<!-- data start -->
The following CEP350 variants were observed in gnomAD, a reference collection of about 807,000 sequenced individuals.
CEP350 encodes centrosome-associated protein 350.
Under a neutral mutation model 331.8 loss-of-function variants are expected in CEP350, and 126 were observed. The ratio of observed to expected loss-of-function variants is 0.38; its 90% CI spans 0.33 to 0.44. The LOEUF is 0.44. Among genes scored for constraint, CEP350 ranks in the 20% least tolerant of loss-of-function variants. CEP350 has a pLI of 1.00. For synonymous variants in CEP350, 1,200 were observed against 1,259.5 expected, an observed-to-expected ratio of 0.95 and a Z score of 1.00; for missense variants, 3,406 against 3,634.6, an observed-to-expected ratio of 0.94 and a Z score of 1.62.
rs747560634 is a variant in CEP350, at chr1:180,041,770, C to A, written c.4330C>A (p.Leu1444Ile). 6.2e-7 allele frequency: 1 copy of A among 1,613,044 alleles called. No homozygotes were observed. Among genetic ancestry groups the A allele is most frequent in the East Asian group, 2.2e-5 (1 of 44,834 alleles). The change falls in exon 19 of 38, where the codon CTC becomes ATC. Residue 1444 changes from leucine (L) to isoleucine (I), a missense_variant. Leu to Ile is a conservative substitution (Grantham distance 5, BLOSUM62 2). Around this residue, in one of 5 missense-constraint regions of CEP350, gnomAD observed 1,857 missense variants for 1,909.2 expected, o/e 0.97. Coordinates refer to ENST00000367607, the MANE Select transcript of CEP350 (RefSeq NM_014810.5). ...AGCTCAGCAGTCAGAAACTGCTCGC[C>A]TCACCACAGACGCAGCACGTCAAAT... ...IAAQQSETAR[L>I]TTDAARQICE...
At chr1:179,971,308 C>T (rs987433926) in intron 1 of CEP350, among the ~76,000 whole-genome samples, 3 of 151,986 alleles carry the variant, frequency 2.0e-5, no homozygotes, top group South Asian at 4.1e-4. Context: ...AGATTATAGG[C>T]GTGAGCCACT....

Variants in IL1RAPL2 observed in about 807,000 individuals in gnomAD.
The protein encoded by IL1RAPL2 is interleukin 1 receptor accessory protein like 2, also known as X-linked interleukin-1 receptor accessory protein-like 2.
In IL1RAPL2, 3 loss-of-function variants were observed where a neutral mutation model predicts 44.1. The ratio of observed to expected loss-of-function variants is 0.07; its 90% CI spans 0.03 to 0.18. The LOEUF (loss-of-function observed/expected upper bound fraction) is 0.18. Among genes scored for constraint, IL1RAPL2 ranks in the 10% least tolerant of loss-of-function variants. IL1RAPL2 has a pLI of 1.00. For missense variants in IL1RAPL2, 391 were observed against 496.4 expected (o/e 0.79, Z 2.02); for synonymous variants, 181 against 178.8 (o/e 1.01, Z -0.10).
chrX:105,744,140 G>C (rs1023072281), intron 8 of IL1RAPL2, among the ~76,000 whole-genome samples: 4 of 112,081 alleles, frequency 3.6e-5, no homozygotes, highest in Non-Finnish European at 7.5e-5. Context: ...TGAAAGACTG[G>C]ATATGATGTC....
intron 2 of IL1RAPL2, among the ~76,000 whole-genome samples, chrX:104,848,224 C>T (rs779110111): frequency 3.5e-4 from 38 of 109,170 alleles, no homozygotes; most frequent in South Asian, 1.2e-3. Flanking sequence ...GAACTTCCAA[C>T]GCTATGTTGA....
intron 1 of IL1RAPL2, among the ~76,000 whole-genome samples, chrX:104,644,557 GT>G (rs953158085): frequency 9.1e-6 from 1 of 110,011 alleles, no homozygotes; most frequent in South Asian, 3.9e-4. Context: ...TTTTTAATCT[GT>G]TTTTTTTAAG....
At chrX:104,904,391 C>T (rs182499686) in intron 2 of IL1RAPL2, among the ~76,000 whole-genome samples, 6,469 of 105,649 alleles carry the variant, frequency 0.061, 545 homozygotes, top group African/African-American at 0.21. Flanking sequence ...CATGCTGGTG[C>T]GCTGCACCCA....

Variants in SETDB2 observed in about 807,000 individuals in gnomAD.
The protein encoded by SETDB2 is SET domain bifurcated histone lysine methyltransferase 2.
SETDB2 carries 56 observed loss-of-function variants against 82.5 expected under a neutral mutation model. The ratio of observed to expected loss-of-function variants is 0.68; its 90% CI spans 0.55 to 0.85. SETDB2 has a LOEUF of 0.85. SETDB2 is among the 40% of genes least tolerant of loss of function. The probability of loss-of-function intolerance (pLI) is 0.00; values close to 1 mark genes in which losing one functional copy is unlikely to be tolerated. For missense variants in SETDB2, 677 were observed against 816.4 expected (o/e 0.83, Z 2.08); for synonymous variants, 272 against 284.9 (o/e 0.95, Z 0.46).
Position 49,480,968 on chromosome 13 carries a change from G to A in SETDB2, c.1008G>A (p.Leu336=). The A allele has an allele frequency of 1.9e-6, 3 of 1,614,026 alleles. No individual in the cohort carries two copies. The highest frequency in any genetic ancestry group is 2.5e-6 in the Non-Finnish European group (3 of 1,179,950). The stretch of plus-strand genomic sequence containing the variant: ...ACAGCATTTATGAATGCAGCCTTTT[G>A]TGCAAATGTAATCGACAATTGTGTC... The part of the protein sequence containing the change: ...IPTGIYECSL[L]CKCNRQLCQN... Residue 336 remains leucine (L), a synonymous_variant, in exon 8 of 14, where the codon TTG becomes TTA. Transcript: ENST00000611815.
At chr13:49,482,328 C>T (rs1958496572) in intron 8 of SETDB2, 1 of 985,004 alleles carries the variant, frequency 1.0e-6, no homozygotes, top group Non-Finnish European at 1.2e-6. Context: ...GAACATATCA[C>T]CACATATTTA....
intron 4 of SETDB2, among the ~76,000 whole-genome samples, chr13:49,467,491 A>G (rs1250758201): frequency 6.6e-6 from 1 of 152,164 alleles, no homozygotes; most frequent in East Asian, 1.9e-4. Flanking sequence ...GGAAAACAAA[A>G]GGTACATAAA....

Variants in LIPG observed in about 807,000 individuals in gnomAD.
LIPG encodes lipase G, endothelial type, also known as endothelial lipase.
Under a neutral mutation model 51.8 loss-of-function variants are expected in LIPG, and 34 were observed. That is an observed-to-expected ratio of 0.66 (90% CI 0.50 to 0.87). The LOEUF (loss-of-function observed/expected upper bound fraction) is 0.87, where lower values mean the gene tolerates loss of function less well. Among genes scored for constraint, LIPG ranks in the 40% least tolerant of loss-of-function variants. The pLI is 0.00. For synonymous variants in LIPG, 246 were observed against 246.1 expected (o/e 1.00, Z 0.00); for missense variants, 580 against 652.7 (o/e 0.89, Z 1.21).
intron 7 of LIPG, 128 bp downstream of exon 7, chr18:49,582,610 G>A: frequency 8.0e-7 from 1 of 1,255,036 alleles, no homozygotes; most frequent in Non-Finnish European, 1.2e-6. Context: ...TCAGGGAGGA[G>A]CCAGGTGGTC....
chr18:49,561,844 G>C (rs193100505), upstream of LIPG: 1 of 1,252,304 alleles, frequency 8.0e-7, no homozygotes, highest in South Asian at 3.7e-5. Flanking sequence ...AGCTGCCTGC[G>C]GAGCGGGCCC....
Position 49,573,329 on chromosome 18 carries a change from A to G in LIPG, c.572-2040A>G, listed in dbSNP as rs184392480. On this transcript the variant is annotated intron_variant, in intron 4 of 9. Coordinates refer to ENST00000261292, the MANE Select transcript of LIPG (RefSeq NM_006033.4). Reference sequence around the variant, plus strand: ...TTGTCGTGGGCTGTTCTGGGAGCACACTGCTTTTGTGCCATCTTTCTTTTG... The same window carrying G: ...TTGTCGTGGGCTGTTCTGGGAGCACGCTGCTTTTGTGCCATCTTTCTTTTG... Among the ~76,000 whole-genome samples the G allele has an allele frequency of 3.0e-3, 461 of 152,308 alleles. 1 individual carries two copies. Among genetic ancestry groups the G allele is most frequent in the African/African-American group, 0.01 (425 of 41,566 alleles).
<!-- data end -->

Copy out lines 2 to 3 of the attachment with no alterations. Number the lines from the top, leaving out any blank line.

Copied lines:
CEP350 encodes centrosome-associated protein 350.
Under a neutral mutation model 331.8 loss-of-function variants are expected in CEP350, and 126 were observed. The ratio of observed to expected loss-of-function variants is 0.38; its 90% CI spans 0.33 to 0.44. The LOEUF is 0.44. Among genes scored for constraint, CEP350 ranks in the 20% least tolerant of loss-of-function variants. CEP350 has a pLI of 1.00. For synonymous variants in CEP350, 1,200 were observed against 1,259.5 expected, an observed-to-expected ratio of 0.95 and a Z score of 1.00; for missense variants, 3,406 against 3,634.6, an observed-to-expected ratio of 0.94 and a Z score of 1.62.